New Tampa Bay Bucs wideout DeSean Jackson suited up Tuesday and quarterback Jameis Winston was eager to send the ball his way.
Winston targeted Jackson plenty throughout Tuesday afternoon’s muggy mandatory mini-camp, with mostly positive results.
Bucs WR DeSean Jackson – Photo by Cliff Welch/PR
The Bucs’ first-team offense wrapped up the day’s final period of 11-on-11’s with an underthrown deep ball to Jackson that second-year cornerback Vernon Hargreaves III stepped in front of and intercepted.
The play came about an hour after the Winston-to-Jackson connection fans have been hearing about was put on display. Working the right sideline this time, Jackson beat cornerback Brent Grimes and Winston hit the speedy 30-year-old in stride for a clean touchdown. Throwing it up and letting Jackson go get it is something the front office has touted since the receiver’s March signing and what fans are expecting to see integrated into this year’s offense.
Bucs head coach Dirk Koetter spoke to the media after practice and said Jackson’s elite speed isn’t going to change what plays the offense runs – it’ll change how it runs them.
“The playbook, not so much,” Koetter said. “But hopefully it affects the execution of the plays. That’s really what matters. Players make plays. Everybody’s got a playbook, but players make plays. The ball doesn’t have to be perfect. If a guy can run fast enough to track it down or if a guy’s big enough to get an errant throw too high or too low. So guys with exceptional skill and talent, they can make up for things that don’t look as clean from the quarterback or the protection.”
While no interceptions are good interceptions for any quarterback, the Hargreaves pick can function as a practice field lesson for Winston. The defense brought pressure and Winston didn’t get enough on his delivery. Even though Hargreaves did have Jackson covered well, there is one place that attempt can’t be thrown and it’s where Winston put it. Jackson would have put up a better effort to play DB in a game situation – hopefully – so who knows how this would have played out had it been Week 1 of the regular season and not Day 1 of mini-camp.
Many of Tuesday’s deep-ball attempts were on double-move routes the offense is installing currently, Koetter said, when asked to evaluate Jackson’s day on the field. Winston and top backup Ryan Fitzpatrick were seen going Jackson’s way all over the field on crossing routes, quick outs, slants, etc.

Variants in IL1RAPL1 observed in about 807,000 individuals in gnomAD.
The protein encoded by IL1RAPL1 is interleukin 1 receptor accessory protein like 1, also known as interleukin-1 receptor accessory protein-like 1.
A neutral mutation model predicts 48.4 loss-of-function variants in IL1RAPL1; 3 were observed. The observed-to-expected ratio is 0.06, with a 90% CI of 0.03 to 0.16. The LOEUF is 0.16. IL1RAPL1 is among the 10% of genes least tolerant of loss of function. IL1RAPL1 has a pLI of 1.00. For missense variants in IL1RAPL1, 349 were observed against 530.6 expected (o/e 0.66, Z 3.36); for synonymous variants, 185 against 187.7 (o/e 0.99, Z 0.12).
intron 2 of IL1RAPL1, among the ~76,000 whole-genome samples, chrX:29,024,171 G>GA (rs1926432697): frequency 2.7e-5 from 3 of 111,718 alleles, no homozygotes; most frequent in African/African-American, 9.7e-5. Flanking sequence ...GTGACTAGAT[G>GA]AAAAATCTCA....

Bucs WR DeSean Jackson – Photo by: Cliff Welch/PR
“That’s a play package that we just put in today, a double move,” Koetter said. “The thing about those double moves, when you just put something in, you’re trying to rep it with all three groups. You can’t rep it too much. These guys get smart after the defense sees it more than once. I think we ran it three times today – had the one beautiful play for the touchdown, Hargreaves did intercept one. They were under pressure on that one that got intercepted. Jameis would’ve taken a pretty good hit on that, might even have been sacked. He was just trying to get it out.”
Since Jackson didn’t participate in portions of last week’s voluntary organized team activities, his practice time with Winston and against defensive backs is still minimal. Those increased reps will not only help his chemistry with Winston, but give Bucs cornerbacks time against a three-time Pro Bowl receiver with 8,819 yards and 46 touchdowns on his resume.
“I think that’ll be something that’ll play itself out more in training camp,” Koetter said. “One thing I can promise you is we’ve had nobody on our team with that kind of speed. Those DBs, they’re shocked every time at how much DeSean can run by them.”
According to Winston, Jackson isn’t rushing anything and his style is appreciated.
“When you see him on the field he just looks at ease,” Winston said. “He’s laid back, he’s comfortable in his own body, and that’s how we all got to be – just comfortable in every situation not matter the circumstance.”